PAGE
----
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October 2, 2009

Welcome to the Ogori Mystery Café — Formerly of Kashiwa, Japan

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Long story short: "At this café, you get what the person before you ordered, the next person gets what you ordered."

Excerpts:

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We sat down to catch a break.

A few seconds later, I heard some halting English coming from my left.

"Hello! Please come here!"

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The cashier fumbled for the right words. "Please... buy something!"

OK, this was confusing, because up until this point nobody in Japan had ever outright asked — let alone strongly suggested — I buy anything, ever.

While I was a little uncomfortable, I didn't want to be rude. I grabbed a café menu, quickly translated some Katakana (you'll get surprisingly far in Japan by learning this phonetic alphabet!), and found something I kind-of almost... but not really... wanted.

"I'll take an orange juice, please," I explained, in poor Japanese.

"Hai!," was the eager response.

A few moments later, I picked up my orange juice.

Except it wasn't an orange juice.

It was an apple drink called "Appletizer," some weird candy, and a little card.

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Yeah. Now I was confused.

The guys behind the counter and I immediately launched into a humorous, protracted, Englishanese attempt to understand what the hell just happened. Through judicious fumbling, and after a lot of precise hand-waving and mangled pronouns, it turned out to be something like this:

At this café, you get what the person before you ordered. The next person gets what you ordered.

Welcome to the Ogori Café!

As I sat down to enjoy my surprise Appletizer, loving this insane idea and wondering what would happen if you tried it in America, a Japanese woman approached the cafe. Since she could actually speak Japanese, she could read the large sign at the front and, fortunately or unfortunately, got advance warning of what she was in for. Before making a final decision on what to order, she quietly snuck up to me to try to ask me what I had ordered, knowing that it would be her unwavering refreshment destiny. The staff put a quick stop to her trickery, and I didn't answer.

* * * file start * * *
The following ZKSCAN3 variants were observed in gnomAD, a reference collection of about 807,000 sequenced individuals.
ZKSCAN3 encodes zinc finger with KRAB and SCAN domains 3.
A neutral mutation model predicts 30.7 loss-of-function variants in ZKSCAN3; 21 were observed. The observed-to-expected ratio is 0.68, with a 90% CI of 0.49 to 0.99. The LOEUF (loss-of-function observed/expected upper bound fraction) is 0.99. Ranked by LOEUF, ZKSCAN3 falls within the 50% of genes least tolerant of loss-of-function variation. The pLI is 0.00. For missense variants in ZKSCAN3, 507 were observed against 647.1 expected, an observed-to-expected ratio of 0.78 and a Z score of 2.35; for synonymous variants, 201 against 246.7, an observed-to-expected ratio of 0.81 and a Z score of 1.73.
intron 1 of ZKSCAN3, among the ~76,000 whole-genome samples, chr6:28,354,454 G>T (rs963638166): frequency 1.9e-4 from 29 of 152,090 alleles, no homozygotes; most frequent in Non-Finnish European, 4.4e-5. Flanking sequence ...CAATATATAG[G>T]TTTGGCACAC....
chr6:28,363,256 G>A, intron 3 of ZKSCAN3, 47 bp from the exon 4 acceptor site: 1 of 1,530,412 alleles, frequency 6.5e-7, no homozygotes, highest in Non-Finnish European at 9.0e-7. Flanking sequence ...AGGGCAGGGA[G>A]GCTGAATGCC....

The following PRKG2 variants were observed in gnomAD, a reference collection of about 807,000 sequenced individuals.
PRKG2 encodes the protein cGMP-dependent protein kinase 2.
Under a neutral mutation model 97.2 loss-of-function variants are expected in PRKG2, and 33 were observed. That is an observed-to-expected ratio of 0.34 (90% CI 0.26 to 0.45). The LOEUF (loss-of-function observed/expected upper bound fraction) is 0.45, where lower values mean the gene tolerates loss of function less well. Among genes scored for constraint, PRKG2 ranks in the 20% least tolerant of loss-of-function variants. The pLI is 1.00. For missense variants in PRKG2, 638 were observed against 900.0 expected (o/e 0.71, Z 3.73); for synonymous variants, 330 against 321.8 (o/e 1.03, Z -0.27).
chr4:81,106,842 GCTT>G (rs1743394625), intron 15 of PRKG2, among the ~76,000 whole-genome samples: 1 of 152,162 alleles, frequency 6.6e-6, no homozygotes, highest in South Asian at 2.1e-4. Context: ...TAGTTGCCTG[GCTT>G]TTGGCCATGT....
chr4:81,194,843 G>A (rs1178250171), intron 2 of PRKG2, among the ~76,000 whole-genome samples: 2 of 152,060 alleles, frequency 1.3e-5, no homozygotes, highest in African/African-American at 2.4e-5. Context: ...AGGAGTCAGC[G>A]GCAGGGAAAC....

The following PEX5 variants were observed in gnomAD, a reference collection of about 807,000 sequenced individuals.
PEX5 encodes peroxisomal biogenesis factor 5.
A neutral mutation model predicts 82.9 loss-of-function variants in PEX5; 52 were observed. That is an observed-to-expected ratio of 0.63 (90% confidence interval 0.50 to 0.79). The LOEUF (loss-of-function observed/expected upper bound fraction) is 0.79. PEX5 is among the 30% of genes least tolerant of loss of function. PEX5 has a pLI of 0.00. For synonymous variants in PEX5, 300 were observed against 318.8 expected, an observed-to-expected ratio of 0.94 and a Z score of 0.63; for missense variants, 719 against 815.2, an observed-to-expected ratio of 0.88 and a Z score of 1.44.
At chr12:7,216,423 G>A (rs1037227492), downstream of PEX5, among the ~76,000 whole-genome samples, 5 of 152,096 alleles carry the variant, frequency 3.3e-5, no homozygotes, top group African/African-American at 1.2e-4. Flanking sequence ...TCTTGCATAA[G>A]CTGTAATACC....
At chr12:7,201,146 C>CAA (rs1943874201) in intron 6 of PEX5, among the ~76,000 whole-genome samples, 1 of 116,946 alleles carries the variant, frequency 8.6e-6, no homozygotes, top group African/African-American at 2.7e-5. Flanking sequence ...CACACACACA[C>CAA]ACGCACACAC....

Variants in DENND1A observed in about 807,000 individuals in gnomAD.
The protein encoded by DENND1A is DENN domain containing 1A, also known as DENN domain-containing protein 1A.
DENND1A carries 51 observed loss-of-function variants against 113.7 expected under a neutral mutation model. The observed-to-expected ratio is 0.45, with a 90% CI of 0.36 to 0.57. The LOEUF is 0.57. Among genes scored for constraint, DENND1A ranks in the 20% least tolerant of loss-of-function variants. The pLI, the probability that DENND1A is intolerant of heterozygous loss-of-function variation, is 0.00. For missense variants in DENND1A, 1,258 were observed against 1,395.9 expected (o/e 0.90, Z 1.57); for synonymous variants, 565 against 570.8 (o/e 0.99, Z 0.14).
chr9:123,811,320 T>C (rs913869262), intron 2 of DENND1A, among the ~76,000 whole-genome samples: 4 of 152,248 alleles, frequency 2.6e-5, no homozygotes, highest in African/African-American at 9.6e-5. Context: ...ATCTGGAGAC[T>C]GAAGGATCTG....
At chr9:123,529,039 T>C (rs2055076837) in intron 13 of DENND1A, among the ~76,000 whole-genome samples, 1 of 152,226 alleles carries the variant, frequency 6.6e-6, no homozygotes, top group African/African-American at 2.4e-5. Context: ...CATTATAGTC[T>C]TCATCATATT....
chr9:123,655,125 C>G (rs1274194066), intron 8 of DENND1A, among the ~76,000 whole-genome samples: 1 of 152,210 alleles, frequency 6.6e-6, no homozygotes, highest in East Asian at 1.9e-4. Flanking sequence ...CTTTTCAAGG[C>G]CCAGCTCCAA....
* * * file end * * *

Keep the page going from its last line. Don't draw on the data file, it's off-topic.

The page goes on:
Of course, regardless of what she ordered, she got the orange juice I ordered a few minutes earlier. But here's one of the moments that make this experiment cool: she actually chose orange juice, just like I did. So she got what she wanted. Ogori Café synchronicity!

Before we left, there was one last thing that had to be done.

Mike went up to the cafe, slapped down a couple thousand yen (~$25), and ordered a little bit of everything: some ice cream, some snacks, some candy, some drinks — a Japanese horn-of-mysterious-plenty intentionally set up as a shocking surprise for the next lucky customer. (After his order, Mike received a single iced coffee.)

As we walked away from the cafe, with just the right amount of delay, we heard an extremely excited "Arigato goazimasu!! Thank you so much!!" yelled in our direction, from an ecstatic mom and her equally excited young son. They truly appreciated the surprise.

It was so worth it.

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For the record, here are the rules of the Ogori Café:

  1. Let's treat the next person. What to treat them with? It's your choice.
  2. Even if it's a group of friends or a family, please form a single-file line. Also, you can't buy twice in a row.
  3. Please enjoy what you get, even if you hate it. (If you really, really hate it, let's quietly give it to another while saying, "It's my treat…")
  4. Let's say "Thank You! (Gochihosama)" if you find the person with your Ogori Café card.
  5. We can't issue a receipt.

The Ogori Café was an unforgettable travel moment, and an idea that has stuck with me: It was a complete surprise in our day. It encouraged communication between total strangers or, in this case, members of the Kashiwa community and a couple of weird guys from Oregon. It forced one to "let go," just for a brief moment, of the total control we're so used to exerting through commerce. It led you to taste something new, that you might not normally have ordered. It was a delight.

Then... as quickly as it appeared, the Ogori cafe was gone.

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[via Adam P. Knave who wrote, "How cool! I really do wish we could try this here. I would go all the time just to order things for other people as a surprise. Best idea EVER!"

October 2, 2009 at 10:01 AM | Permalink


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